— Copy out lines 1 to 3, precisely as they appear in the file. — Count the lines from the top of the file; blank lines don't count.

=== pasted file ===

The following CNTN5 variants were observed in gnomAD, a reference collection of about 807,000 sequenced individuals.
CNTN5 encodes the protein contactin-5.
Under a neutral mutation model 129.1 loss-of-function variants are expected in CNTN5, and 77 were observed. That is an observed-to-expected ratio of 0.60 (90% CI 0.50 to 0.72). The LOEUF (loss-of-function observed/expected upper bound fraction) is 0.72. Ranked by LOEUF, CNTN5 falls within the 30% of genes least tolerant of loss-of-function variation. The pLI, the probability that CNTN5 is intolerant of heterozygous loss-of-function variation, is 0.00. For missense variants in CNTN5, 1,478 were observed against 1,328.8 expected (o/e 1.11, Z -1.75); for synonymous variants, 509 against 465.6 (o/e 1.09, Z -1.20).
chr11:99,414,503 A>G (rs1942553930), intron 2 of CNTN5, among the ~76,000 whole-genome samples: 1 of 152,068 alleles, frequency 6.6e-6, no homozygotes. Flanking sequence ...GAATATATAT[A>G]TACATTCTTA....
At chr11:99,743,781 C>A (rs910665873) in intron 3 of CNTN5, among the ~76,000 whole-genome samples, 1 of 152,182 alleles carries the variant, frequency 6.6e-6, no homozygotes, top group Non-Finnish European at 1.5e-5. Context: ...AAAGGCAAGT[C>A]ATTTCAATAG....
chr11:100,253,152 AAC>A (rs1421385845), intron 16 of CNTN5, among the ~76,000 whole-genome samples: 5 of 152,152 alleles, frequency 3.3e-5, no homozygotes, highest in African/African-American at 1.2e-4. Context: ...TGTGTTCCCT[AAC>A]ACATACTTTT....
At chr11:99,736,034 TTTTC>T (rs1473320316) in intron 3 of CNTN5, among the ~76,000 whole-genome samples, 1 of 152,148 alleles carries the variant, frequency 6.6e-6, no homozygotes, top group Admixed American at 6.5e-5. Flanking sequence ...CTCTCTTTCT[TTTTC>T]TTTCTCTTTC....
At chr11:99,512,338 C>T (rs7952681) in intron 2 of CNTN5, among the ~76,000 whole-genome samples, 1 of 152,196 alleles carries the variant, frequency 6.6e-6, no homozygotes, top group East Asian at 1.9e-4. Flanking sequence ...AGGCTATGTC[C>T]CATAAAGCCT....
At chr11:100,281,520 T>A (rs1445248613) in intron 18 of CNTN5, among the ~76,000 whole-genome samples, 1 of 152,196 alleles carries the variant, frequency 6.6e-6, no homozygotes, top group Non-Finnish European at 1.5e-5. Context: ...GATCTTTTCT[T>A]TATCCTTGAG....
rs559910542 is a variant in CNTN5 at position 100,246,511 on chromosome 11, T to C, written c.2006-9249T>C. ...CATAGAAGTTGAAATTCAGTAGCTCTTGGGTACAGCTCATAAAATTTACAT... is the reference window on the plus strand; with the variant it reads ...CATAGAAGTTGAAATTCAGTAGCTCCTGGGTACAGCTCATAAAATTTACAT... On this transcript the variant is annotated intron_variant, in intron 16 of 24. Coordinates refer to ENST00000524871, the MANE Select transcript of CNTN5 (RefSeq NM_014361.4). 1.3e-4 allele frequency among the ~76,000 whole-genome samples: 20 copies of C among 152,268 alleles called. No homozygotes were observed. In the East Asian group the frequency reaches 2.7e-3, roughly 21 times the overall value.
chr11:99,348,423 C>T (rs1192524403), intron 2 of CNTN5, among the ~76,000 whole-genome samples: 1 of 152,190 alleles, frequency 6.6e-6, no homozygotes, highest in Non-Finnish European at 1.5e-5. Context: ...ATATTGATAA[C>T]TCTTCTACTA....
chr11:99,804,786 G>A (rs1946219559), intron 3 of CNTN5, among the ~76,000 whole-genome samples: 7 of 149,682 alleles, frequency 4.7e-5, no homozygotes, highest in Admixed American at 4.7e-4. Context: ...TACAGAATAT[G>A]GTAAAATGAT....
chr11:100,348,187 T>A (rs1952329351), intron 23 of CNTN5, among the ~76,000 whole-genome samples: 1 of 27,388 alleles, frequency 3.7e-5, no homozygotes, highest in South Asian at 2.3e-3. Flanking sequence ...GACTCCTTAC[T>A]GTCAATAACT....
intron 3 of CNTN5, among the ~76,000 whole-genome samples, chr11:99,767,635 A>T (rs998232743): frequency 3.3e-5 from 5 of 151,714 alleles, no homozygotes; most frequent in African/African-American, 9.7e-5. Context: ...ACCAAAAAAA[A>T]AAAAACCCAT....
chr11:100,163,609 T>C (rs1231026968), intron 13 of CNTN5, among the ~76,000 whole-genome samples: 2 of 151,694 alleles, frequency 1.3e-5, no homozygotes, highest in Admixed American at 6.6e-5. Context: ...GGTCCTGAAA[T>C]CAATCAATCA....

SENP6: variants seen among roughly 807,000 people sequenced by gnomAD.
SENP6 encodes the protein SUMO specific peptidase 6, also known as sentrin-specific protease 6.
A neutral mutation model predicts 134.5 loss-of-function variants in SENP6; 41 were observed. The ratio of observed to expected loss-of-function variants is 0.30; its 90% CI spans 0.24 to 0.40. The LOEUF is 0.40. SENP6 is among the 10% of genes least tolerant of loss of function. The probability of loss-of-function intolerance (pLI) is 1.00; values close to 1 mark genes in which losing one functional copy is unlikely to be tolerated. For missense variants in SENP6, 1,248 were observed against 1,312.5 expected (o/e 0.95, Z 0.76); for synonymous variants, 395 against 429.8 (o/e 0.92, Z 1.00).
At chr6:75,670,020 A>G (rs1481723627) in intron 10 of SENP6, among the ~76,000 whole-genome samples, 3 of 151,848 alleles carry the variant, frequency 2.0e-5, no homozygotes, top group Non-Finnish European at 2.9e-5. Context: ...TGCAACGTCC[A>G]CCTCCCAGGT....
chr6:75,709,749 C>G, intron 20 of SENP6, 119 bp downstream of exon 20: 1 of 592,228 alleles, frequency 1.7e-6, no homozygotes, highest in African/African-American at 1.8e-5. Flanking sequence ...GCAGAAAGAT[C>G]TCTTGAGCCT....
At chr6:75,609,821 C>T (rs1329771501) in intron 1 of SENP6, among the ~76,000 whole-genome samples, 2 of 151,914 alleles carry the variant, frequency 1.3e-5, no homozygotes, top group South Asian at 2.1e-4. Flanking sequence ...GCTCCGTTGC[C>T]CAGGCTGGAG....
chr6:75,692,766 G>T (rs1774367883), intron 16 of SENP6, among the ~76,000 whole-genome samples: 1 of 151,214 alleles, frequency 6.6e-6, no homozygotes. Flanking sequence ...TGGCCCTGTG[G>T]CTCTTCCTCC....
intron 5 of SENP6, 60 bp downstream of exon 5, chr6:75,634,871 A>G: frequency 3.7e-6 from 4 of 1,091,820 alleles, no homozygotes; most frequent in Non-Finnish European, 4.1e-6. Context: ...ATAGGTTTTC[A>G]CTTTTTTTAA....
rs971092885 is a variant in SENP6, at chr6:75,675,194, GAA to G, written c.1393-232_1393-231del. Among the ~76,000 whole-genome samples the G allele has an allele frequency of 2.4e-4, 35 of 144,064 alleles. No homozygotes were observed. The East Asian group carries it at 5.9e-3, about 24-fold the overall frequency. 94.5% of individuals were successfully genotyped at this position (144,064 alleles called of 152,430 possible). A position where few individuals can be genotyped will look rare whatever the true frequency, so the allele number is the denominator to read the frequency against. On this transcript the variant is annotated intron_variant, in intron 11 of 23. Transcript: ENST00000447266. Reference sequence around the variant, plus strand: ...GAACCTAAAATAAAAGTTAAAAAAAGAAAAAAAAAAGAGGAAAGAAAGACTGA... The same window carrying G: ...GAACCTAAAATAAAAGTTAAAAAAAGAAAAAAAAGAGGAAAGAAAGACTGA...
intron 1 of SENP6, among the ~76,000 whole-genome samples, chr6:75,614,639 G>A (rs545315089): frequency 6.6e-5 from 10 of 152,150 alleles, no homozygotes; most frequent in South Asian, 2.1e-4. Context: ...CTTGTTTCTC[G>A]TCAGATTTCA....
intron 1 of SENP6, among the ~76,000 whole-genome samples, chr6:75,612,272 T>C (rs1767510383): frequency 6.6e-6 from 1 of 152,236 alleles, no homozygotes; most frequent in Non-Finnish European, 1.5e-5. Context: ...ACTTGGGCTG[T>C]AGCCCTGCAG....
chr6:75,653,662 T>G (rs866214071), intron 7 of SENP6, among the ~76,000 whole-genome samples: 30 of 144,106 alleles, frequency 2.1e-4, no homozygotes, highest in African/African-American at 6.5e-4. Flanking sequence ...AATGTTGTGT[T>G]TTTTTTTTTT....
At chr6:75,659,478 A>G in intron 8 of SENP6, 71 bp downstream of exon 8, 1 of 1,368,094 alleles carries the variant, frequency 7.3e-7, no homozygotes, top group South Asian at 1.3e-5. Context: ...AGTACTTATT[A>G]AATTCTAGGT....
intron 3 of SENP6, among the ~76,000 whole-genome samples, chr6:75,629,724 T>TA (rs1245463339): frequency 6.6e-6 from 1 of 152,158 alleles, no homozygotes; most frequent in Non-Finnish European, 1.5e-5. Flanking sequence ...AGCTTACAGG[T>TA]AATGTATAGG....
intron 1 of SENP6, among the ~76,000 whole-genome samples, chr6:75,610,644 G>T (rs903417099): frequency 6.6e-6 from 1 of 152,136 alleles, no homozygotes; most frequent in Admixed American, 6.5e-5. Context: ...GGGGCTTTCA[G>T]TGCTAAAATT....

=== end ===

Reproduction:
The following CNTN5 variants were observed in gnomAD, a reference collection of about 807,000 sequenced individuals.
CNTN5 encodes the protein contactin-5.
Under a neutral mutation model 129.1 loss-of-function variants are expected in CNTN5, and 77 were observed. That is an observed-to-expected ratio of 0.60 (90% CI 0.50 to 0.72). The LOEUF (loss-of-function observed/expected upper bound fraction) is 0.72. Ranked by LOEUF, CNTN5 falls within the 30% of genes least tolerant of loss-of-function variation. The pLI, the probability that CNTN5 is intolerant of heterozygous loss-of-function variation, is 0.00. For missense variants in CNTN5, 1,478 were observed against 1,328.8 expected (o/e 1.11, Z -1.75); for synonymous variants, 509 against 465.6 (o/e 1.09, Z -1.20).